Motivated by expected deep cuts to agriculture programs by Congress’ ‘super committee,’ in recent weeks, farm/commodity groups and congressional committees have produced a steady stream of agriculture program proposals.The proposals cover a gamut of policy ideas.
Comparing and contrasting the proposals was difficult until a study was authored by Carl Zulauf, an Ohio State University economist. On Oct. 20, shortly after the American Farmland Trust-requested study was released, Zulauf spoke with Farm Press about the programs’ differences and commonalities, crop insurance and “shallow loss.” Among his comments:
On how Zulauf was approached to do the study and how long it took…
“The study was due to a direct request from American Farmland Trust. If that hadn’t happened, I likely have done something similar in the course of my work for Ohio State (University).
“In terms of preparing the report, I read as much of the publically-available information from the various proposals’ authors as I could find or others sent me. I couldn’t find any public information for a couple of proposals.
“Also, on Oct. 6, the Congressional Research Service (CRS) released a report that provided descriptions of the proposals. That came out as I was writing my report. The CRS report contained some information I hadn’t seen before.”
On Zulauf’s comparison of the different reports…
“After thinking about it – and there’s quite a difference between the proposals in presentation and parameters – I had to decide what perspectives to put into the paper. The final conclusion was there had to be different perspectives or comparisons.
“The first involves the specifics of each proposal, at least as much as you can get on a single page. There’s real value in allowing people to see the proposals in a compact form. If you stretch them across pages and pages, the comparisons can be hard to follow.”
See Table 1A here.
“It turned out the proposals can be grouped into two types. That lent to compiling two tables of the specifics. The first are proposals with very specific parameters on how they’d design a farm program. Many of these are revenue-type programs but the National Farmers Union farmer-owned reserve proposal also fits here.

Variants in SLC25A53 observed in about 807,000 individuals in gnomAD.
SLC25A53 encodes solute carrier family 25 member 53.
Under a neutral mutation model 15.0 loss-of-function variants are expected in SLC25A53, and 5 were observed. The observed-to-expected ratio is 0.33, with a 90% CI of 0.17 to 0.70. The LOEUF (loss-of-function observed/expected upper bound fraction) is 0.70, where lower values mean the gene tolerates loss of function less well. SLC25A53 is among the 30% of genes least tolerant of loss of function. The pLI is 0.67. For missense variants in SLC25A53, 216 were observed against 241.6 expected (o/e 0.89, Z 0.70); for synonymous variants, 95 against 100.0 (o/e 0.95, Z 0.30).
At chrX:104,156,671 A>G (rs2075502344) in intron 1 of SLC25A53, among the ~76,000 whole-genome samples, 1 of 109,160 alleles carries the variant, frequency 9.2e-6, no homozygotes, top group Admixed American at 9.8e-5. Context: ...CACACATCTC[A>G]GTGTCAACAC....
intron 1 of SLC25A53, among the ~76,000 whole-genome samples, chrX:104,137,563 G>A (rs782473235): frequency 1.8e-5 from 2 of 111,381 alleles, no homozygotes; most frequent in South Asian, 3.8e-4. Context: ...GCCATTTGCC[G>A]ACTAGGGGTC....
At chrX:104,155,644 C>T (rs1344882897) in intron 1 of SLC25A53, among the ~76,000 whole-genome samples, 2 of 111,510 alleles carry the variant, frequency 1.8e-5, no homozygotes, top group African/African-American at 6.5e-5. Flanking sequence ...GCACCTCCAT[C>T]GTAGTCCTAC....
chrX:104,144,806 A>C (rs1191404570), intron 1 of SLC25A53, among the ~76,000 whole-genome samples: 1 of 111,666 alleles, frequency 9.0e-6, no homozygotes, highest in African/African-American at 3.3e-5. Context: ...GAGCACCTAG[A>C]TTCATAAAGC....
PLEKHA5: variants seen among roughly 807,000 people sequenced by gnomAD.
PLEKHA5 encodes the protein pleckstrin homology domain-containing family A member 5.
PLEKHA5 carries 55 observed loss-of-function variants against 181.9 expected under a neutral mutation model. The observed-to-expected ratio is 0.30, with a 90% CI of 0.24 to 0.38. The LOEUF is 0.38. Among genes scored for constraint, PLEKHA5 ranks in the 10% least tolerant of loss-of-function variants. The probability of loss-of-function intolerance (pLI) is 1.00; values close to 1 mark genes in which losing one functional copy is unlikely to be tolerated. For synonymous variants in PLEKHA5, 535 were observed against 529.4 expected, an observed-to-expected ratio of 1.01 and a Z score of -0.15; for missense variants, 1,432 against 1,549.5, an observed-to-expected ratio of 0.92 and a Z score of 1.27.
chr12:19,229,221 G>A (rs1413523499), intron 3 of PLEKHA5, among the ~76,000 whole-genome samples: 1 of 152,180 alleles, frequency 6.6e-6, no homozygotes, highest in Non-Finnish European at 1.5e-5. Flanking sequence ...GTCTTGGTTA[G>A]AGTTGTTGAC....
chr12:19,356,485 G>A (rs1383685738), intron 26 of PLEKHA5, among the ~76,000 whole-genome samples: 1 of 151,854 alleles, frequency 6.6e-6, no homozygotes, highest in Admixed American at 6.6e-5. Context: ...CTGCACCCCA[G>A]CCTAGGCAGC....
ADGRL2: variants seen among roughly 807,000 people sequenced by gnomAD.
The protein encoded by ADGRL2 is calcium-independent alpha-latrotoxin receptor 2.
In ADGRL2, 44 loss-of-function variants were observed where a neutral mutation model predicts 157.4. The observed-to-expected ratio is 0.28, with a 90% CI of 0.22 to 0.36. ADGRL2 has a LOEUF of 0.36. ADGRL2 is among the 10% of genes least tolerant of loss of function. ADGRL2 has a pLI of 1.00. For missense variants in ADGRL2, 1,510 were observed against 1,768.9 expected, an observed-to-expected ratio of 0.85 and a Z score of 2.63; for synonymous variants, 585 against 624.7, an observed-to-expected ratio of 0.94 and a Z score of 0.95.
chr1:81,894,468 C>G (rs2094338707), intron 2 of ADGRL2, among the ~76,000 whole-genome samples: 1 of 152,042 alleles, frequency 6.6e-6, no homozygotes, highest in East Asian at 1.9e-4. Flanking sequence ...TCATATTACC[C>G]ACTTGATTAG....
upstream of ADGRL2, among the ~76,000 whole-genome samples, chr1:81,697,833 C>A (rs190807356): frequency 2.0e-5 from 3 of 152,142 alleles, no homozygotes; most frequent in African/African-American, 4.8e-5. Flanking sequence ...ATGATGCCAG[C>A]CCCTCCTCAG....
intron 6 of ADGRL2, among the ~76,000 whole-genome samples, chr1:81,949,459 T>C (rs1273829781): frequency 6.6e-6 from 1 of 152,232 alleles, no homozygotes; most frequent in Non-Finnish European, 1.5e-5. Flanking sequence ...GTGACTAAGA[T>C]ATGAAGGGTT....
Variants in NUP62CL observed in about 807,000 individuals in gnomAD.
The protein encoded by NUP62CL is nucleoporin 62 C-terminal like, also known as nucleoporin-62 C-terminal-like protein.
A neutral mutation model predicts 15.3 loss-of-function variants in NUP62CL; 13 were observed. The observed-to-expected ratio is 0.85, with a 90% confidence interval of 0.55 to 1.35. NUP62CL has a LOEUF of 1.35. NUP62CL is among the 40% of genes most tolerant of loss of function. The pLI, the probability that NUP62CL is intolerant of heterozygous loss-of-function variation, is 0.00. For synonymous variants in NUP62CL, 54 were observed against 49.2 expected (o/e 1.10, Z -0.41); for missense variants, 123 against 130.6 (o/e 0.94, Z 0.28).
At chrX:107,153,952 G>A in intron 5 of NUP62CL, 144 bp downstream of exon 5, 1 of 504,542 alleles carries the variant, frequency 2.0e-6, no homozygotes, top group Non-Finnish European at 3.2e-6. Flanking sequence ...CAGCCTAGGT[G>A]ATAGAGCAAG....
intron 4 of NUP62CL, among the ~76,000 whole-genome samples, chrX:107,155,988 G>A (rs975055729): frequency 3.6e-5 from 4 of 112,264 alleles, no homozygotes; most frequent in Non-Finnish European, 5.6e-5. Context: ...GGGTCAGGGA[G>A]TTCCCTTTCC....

“Then there are the proposals that take a more general approach. For example, the proposal by American Farm Bureau, which discusses more broadly what they want the policy to do. The (Obama) administration’s proposal also leans that way.”
See Table 1B here.
“After putting those two tables together, I thought it would be useful to produce a table that looks at the current provisions or specifics of crop revenue insurance, ACRE and SURE. I didn’t want to assume everyone knows what they are – and there’s an element in the debate that refers back to existing policy. To be fully informed, you need to understand how current policy works.
See Table 2 here.
“Further, I thought ‘this is a lot of information. There’s a need to look at the big picture instead of the specifics of the proposals.’ That led to the (following) table. Certainly, more elements could be added to this table but I thought these would be of interest to readers.
See Farm Safety Net Proposals table here.
“Basically, I tried to do three comparisons that are linked: One is the specifics of the various proposals; the second is the specific parameters of current programs; the third is broader policy concepts like ‘is it a revenue program or a shallow loss program? Is it coordinated with crop insurance?’”
On Zulauf’s thoughts once his study was completed…
“I was surprised at the commonality of the proposals despite coming from widely different groups. These groups are diverse and span the context of agriculture. You’d think there would be a truly wide variety of proposals.
“The variety comes at the specifics. But when you look at the proposals from a broader perspective, the commonalities are obvious.
“Out of the 10 proposals (see Table 2), the big majority have an individual crop orientation, a multiple-year benchmark (meaning a key parameter is averaged over several years), farm losses required to receive payments, no fixed-price or revenue benchmark.
“This says that the orientation of policy in the broad scheme contains a lot of commonality.
“Another thing that struck me is these proposals are radically different from proposals you’d have heard even four years ago.
“The notion of ‘shallow loss’ – was that even mentioned (in the 2008 farm bill debate)? It was, but very little.
“Also, the notion of crop insurance being an integral part of the farm safety net. That’s an idea that was in its infancy in 2008.
“These are major changes in people’s perspectives of the farm safety net.
“Another thing is that only two of the 10 proposals mention retaining direct payments. And one of them would cut those payments by 50 percent. Four years ago, would you have thought a majority of farm group proposals would have eliminated direct payments?”